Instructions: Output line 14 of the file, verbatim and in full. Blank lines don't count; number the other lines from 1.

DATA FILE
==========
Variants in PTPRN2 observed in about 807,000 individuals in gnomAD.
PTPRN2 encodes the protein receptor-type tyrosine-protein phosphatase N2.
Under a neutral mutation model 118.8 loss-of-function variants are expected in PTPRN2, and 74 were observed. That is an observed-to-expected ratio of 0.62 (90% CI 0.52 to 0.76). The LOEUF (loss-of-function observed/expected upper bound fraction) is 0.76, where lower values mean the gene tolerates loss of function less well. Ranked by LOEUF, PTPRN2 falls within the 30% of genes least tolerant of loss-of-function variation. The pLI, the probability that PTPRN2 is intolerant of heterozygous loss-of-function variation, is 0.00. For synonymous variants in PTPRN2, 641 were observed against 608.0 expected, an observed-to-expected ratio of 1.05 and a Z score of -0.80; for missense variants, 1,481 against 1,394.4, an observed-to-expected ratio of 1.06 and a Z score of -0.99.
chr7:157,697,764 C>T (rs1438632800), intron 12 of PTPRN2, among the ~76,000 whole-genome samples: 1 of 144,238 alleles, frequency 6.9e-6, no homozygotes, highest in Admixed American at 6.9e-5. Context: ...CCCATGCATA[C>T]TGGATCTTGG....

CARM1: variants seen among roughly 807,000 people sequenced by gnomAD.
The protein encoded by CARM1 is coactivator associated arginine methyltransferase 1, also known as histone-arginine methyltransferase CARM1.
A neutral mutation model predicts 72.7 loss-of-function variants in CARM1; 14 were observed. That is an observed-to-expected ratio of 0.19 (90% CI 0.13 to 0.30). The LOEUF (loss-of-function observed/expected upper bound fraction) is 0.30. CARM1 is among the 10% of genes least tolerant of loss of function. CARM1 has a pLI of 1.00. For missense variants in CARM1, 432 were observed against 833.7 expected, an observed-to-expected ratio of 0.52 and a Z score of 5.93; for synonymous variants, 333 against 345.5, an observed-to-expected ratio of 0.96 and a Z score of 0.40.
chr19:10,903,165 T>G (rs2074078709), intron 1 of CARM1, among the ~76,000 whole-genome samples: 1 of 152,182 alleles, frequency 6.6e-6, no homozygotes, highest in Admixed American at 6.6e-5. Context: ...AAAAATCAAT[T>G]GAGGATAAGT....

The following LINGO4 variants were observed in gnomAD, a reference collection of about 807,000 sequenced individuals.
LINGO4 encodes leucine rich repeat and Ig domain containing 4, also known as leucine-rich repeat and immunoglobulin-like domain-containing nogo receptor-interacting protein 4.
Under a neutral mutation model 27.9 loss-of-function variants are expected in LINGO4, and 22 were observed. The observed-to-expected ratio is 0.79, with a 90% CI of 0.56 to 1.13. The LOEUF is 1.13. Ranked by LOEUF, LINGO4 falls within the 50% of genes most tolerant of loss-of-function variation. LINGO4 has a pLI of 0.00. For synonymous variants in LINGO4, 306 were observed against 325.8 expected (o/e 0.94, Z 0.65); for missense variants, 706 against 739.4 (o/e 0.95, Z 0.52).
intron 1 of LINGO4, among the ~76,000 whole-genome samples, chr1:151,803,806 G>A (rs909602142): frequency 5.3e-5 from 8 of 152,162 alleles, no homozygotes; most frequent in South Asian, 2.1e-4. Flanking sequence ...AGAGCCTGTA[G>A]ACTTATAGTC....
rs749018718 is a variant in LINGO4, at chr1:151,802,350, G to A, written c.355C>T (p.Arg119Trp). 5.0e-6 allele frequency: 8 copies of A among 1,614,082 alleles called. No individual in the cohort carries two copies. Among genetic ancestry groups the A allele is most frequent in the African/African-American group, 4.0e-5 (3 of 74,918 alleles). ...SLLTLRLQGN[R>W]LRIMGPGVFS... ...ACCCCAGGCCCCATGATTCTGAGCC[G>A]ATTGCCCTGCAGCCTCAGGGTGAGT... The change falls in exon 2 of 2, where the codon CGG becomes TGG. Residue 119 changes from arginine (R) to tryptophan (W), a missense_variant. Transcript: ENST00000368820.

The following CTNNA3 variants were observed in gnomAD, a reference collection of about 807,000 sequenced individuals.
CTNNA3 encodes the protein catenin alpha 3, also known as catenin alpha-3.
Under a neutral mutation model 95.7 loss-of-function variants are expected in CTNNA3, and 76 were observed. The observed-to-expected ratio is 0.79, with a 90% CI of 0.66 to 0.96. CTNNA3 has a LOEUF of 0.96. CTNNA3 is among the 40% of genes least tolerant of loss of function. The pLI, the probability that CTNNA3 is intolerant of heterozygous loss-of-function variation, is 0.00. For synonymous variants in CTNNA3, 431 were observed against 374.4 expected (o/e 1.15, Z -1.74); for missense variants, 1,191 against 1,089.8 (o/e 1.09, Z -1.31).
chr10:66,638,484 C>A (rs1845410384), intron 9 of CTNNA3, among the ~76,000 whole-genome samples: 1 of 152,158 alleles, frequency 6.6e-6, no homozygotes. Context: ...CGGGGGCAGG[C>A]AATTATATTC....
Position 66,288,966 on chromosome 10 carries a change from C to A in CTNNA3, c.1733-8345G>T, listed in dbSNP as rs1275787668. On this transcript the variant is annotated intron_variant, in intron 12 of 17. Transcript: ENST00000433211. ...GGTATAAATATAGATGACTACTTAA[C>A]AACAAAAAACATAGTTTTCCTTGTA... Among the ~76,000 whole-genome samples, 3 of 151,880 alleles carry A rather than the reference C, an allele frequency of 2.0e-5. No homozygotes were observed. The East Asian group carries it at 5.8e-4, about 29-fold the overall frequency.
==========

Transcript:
The following CTNNA3 variants were observed in gnomAD, a reference collection of about 807,000 sequenced individuals.